Effect of comorbid Cannabis use on risk of readmission in first-episode psychosis: data from two cohorts employing complementary methodology.

Presentation First Author: 
Sagnik Bhattacharyya

Use of cannabis, the most commonly used illicit drug worldwide, has been linked to increased risk of relapse of illness in patients with psychosis who continue to use the drug. However, most studies investigating the effect of cannabis use on outcome are limited by, either a small sample size, short follow-up duration or outcome measures that rely on change of symptom severity. The purpose of this presentation is to present the results from two cohorts of patients with first episode psychosis (FEP) in South London, investigating the effects of cannabis use at presentation as well as ongoing use on subsequent admission to hospital, employing complementary approaches.Methods: Cohort 1 examined the electronic health records of over 2000 patients with FEP using natural language processing to investigate the effect of documented cannabis use around onset of illness on risk of subsequent hospital admission. Cohort 2 investigated the effect of ongoing cannabis use on hospital admission in a prospectively recruited FEP cohort (n=95) followed-up through face-to-face interviews. Logistic and Linear regression analyses were carried out.Results: Odds of readmission to hospital was significantly greater in FEP patients with history of cannabis use at onset of illness. Odds of readmission and number of readmissions were significantly greater and time to readmission significantly shorter in those FEP patients with ongoing cannabis use during follow-up period. Conclusions: Data from these prospective cohorts employing complementary approaches highlight the importance of ongoing cannabis use on risk of readmission in psychosis and suggest the need for prevention strategies.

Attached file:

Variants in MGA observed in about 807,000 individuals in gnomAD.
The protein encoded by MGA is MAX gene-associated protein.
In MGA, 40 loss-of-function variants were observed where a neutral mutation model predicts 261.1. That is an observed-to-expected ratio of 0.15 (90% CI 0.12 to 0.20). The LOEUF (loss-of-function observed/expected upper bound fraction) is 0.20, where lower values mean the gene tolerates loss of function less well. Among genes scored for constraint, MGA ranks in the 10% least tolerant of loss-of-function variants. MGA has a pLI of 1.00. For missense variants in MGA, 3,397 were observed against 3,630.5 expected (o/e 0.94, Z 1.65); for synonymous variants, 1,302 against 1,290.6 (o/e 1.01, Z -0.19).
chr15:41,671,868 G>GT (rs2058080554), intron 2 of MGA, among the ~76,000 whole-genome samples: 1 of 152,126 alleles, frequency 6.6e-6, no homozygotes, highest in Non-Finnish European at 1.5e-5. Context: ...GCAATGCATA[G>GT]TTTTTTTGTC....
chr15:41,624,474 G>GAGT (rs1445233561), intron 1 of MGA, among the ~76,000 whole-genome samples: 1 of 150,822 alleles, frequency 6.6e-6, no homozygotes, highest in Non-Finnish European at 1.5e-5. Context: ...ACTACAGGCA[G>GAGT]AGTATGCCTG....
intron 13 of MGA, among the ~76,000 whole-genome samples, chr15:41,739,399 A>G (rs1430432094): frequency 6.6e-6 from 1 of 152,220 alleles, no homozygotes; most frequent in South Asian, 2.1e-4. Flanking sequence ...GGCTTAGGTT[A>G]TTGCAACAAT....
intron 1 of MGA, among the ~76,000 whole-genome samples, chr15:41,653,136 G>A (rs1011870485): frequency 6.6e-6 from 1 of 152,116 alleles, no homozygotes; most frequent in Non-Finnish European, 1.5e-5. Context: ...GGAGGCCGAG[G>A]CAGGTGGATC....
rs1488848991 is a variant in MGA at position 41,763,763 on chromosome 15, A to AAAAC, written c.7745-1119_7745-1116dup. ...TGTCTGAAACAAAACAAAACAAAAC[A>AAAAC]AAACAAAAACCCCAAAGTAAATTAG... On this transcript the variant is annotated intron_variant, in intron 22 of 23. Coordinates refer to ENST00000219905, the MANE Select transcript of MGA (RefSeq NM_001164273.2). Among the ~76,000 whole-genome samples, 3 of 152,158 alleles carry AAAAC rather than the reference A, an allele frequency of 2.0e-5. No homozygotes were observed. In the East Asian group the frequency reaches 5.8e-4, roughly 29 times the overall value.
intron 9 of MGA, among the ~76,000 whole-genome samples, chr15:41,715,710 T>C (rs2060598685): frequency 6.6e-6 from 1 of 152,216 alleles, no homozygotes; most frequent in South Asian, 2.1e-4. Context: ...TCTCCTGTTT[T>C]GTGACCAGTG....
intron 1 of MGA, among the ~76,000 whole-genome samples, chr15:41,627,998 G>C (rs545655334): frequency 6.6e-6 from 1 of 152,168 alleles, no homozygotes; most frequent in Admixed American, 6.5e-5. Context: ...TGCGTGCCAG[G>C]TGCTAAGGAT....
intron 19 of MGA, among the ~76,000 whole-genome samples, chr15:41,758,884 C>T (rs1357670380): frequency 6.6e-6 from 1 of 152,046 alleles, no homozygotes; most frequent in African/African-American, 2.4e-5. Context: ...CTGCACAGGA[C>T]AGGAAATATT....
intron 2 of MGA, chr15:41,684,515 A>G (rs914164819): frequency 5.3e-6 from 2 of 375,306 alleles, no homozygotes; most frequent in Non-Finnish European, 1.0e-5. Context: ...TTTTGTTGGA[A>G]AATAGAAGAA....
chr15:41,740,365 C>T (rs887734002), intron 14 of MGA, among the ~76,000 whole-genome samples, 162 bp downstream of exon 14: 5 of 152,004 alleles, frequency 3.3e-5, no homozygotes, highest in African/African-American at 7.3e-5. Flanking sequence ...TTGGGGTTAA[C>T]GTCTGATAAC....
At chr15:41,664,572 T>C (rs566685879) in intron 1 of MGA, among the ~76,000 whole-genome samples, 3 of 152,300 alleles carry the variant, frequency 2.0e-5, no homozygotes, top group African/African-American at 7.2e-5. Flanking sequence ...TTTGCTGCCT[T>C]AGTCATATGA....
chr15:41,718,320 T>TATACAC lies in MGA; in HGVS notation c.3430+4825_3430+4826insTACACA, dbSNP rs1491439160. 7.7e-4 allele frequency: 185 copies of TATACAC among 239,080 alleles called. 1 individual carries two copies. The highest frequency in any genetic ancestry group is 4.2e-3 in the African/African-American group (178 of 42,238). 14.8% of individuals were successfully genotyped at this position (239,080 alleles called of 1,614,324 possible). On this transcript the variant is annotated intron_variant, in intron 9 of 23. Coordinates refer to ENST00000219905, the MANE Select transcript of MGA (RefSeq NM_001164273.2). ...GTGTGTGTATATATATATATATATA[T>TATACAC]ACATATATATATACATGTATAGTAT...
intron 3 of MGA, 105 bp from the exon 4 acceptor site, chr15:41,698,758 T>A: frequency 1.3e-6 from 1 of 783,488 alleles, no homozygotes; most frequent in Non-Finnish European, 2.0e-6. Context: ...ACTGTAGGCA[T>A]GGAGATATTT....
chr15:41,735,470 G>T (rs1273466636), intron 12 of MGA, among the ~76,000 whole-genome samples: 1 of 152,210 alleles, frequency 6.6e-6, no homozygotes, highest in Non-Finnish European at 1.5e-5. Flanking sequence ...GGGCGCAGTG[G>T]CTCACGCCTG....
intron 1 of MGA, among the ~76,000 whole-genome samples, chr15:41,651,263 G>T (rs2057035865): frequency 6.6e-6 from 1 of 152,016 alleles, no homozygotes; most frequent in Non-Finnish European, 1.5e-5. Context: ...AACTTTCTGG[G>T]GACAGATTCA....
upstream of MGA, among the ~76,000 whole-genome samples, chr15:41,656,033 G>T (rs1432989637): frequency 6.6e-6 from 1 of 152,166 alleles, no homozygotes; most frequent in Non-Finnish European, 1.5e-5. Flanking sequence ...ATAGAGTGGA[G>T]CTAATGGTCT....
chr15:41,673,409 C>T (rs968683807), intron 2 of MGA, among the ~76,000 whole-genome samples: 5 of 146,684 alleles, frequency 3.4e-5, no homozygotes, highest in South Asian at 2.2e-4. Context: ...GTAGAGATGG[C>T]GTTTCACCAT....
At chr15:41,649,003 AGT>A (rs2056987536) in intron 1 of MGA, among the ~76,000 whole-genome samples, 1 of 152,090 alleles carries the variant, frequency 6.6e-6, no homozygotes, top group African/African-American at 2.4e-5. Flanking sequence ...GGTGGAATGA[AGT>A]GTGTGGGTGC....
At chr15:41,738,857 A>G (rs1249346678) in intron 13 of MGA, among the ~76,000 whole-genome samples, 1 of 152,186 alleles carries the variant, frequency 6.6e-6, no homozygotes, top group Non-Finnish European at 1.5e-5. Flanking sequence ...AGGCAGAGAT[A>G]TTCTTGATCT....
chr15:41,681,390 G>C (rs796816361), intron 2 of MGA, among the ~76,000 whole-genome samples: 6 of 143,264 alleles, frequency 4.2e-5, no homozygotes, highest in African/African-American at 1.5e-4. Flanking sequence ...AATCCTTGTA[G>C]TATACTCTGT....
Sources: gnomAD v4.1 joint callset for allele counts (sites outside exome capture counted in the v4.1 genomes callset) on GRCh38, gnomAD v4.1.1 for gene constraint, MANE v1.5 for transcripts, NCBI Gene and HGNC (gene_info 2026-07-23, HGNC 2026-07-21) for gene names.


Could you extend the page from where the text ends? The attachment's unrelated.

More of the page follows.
Conference Name: 
Presentation Date: 
January, 2015
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